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Discussion on: My tech stack if I had to build an app today

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srikanthav profile image
Srikanth A V

I have no experience in PHP or Rails. But am familiar with Java, Swift, JS (have built simple websites with jQuery). What would be the best way for me to get into back-end development?

  1. Learn Rails and web app dev from Michael Hartl Book
  2. Jump straight into functional programming with Elixir / Phoenix (learn the language and paradigm)
  3. Learn ASP.Net core with C# and then maybe progress to F#

Any comparisons for Elixir/Phoenix and ASP.Net with F#?

Thanks!

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n1try profile image
Ferdinand Mütsch Author

So many different choices out there and nearly all of them were good :-)
In your case I'd first say that (1) wouldn't be the best option, probably. I'm not against Rails or something, but as already mentioned in one of the above comments it's on a downtrend on the one hand and doesn't necessarily teach coding best practices on the other. I'd say if someone is familiar with Ruby and Rails it's totally fine, go for it. But when learning something new from the ground up, I wouldn't take that as a choice.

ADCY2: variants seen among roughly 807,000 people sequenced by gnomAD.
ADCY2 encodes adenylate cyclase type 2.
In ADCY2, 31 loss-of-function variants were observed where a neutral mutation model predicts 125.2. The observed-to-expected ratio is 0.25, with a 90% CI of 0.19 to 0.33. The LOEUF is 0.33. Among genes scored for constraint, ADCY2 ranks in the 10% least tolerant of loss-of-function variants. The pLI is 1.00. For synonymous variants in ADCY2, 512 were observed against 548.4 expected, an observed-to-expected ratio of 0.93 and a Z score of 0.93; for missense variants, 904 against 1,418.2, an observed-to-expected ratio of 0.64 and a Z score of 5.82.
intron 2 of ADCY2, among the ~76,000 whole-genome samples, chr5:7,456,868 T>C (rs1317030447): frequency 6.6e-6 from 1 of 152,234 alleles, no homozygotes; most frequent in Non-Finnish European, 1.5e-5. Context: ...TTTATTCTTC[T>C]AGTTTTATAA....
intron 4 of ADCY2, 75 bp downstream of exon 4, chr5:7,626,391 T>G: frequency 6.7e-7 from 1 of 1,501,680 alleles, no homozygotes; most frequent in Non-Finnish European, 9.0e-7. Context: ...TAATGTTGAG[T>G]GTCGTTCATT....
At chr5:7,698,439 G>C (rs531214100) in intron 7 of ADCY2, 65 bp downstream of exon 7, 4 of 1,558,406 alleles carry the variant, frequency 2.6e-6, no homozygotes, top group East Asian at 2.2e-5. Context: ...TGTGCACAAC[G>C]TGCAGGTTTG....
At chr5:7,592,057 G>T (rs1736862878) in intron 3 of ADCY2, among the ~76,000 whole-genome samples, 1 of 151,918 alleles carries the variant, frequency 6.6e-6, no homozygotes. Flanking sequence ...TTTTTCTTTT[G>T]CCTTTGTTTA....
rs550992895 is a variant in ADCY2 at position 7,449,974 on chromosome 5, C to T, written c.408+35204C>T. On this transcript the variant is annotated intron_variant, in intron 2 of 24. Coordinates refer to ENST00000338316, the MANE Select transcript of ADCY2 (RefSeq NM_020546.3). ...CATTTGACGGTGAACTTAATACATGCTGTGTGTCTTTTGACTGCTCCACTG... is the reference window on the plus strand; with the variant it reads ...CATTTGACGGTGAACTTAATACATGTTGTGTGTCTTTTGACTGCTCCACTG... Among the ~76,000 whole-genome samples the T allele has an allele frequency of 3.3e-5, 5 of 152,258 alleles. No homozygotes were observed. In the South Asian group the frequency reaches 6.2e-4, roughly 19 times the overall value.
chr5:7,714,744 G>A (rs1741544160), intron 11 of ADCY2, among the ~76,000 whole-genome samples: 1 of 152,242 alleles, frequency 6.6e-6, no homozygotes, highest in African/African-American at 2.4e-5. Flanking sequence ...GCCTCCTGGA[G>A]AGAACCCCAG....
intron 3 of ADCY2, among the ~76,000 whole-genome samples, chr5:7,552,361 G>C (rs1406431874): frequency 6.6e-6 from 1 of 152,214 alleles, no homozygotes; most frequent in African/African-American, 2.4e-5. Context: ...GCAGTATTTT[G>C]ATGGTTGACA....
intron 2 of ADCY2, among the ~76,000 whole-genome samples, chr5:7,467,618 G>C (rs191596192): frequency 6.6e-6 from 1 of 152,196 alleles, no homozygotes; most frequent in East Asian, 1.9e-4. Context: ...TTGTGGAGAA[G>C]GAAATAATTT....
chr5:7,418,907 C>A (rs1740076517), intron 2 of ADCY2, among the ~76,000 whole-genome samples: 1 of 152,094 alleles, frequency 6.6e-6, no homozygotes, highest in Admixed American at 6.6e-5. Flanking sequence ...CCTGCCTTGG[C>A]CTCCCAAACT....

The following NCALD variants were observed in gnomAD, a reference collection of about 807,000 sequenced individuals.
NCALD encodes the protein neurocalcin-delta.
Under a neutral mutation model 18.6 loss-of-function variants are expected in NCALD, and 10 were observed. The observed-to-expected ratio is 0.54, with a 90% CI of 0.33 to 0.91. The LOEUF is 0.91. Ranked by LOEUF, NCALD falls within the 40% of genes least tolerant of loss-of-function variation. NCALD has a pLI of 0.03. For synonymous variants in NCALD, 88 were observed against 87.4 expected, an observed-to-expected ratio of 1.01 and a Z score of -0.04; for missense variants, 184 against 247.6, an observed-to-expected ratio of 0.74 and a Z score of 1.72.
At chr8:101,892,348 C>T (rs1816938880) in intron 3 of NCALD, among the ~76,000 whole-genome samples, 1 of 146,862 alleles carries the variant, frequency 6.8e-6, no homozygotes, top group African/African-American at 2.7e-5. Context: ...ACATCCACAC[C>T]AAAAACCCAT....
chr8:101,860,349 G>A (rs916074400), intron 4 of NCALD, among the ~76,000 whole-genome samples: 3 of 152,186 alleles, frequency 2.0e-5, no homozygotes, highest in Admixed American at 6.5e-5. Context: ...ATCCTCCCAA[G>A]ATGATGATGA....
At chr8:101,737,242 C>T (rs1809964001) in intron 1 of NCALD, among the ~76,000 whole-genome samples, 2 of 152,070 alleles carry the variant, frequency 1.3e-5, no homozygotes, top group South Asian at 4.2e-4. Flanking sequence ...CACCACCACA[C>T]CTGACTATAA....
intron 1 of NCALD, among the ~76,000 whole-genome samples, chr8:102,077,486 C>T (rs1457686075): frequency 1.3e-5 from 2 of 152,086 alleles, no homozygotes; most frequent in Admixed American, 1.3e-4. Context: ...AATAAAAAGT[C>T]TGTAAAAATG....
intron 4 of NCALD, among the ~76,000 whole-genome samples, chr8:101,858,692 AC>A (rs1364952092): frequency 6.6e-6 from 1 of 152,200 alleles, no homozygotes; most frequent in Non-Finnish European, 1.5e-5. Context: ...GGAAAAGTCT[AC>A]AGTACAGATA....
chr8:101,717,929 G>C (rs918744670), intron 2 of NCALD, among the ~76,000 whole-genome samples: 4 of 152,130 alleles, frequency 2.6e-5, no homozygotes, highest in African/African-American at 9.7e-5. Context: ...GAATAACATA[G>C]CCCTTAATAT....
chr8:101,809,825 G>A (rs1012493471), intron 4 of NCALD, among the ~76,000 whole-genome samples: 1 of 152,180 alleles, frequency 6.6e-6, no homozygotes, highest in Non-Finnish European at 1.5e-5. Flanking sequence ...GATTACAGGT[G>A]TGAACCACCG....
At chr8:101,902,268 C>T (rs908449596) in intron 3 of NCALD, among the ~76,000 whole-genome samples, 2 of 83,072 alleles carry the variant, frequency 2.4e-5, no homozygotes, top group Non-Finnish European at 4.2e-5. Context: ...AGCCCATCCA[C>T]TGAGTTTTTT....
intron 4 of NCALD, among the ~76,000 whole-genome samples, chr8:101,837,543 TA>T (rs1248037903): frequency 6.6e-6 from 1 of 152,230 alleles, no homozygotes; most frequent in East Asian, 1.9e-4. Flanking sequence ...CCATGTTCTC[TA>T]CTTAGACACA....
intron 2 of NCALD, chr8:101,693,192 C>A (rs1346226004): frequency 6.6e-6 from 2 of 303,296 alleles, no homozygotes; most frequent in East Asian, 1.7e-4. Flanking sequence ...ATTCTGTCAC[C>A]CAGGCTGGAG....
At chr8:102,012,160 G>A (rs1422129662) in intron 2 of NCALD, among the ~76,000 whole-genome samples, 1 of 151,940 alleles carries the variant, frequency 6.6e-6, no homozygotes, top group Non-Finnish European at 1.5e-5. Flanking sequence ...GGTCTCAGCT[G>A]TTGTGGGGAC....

If you're somewhat new to backend development, I'd first learn something more common as a solid base and then pick up on the functional stuff you mentioned in (2) afterwards. If you're a Java developer, you could absolutely take a look at either Spring Boot or Jersey. However, these things are pretty comprehensive and not that super-lighweight. Something to get started with much more easily in the backend would be either Node or Python + Django (or Flask). If having to decide from one of your three options, I'd pick the third one, although I heard that .NET Core isn't completely mature enough to be production-ready, yet.
EDIT: Btw, what works best for me for learning new stuff is to watch video tutorials and courses on YouTube, Pluralsight or Microsoft Virtual Academy (the second one isn't free for non-students, but the quality is better). Maybe you want to try that.

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srikanthav profile image
Srikanth A V

Thanks for the detailed reply, Ferdinand! Really appreciate it. I might go the node / flask route to get familiar with backend dev process (probably start with express).

I have a 3 month trial of Pluralsight so I might make use of it now :) Thanks for the advice, again!